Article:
During the course of planning for the Unitarian Universalist General Assembly it became apparent that the WV/KY Ministers would have the opportunity to help shape the social justice focus at General Assembly.  We knew that we wanted to highlight the damage that the fossil-fuel industry does at every level of the process: from extraction to transportation to burning/consumption.  We suspected that General Assembly would never be so close to Appalachia again, so we wanted to make sure to seize the opportunity to introduce people to the rich culture of Appalachia, to make people aware of their own connection to mountain top removal, and of the damage done by the broad form deed (which, incidentally, needs a wikipedia page).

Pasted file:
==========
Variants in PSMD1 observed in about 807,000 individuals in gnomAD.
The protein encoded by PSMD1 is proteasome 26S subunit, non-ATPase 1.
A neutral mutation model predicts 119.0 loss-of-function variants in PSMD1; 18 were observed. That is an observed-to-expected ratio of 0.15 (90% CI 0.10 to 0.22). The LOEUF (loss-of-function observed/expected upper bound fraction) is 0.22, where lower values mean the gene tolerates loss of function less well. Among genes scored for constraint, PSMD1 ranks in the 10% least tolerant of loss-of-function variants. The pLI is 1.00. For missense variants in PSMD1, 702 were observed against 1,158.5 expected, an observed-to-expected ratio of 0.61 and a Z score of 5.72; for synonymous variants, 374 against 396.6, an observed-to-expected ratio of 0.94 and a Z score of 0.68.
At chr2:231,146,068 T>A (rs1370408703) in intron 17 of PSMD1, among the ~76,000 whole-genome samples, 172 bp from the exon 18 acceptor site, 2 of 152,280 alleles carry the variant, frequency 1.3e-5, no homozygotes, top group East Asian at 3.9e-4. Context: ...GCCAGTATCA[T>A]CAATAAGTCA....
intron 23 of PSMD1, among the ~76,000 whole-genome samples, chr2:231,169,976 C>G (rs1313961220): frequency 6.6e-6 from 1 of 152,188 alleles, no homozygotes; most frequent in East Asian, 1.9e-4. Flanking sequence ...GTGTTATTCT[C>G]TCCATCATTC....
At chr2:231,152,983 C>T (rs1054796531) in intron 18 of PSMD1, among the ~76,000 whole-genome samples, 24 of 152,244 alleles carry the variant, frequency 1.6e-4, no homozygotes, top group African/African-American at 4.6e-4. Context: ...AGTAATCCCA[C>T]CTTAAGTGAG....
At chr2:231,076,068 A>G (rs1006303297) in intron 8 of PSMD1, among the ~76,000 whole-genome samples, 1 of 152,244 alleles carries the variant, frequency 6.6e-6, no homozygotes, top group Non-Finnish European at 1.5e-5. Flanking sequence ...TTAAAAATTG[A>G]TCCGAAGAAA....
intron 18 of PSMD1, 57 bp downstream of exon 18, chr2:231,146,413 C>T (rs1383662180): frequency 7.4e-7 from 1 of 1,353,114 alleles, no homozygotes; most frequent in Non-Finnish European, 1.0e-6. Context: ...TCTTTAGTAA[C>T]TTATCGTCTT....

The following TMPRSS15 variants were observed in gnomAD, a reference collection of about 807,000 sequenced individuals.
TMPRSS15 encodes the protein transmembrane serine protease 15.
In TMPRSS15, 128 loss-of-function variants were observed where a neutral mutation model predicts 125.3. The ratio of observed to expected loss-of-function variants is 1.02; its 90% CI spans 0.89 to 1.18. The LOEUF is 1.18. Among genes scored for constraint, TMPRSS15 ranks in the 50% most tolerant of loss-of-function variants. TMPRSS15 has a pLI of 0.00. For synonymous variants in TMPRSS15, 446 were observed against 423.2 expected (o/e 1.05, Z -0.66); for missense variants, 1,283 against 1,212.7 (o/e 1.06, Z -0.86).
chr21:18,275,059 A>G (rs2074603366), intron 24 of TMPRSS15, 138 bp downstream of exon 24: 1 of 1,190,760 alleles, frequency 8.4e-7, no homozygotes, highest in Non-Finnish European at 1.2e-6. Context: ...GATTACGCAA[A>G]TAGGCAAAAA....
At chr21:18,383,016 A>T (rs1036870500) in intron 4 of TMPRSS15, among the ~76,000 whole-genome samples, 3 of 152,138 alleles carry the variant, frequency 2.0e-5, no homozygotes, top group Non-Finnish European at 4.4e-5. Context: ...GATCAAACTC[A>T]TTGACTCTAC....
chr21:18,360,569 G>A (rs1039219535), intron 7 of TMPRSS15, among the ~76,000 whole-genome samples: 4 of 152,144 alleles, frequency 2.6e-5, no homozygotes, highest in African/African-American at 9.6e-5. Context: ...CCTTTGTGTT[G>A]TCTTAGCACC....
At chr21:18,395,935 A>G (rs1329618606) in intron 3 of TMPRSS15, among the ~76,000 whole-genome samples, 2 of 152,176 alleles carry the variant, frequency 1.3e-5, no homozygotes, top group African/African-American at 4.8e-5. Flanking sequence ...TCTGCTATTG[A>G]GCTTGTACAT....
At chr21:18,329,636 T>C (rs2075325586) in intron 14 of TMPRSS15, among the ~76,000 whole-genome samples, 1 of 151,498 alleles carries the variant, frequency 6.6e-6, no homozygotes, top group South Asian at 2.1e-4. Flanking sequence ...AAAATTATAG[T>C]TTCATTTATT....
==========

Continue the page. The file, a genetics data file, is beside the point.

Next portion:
But Louisville, though close to Appalachia, is not a part of it. Even on a clear day, I cannot see the mountains in the distance.  And we have our own troubles with coal that I felt needed to be highlighted, particularly after hearing Kathy Little’s story and Eboni Cochran’s story.  I became more and more curious about how racism and the environment are linked oppressions.

When the Unitarian Universalist Ministry for the Earth had their board meeting in Louisville, we arranged for an environmental justice tour with the Passionist Earth and Spirit Center.  I was amazed at how the EJ tour had so much overlap with the Civil Rights Driving Tour that I had gone on with the Healing History Academy (and subsequently have led twice for my church).   I should not have been surprised.  As Robert Bullard points out in POVERTY, POLLUTION AND ENVIRONMENTAL RACISM: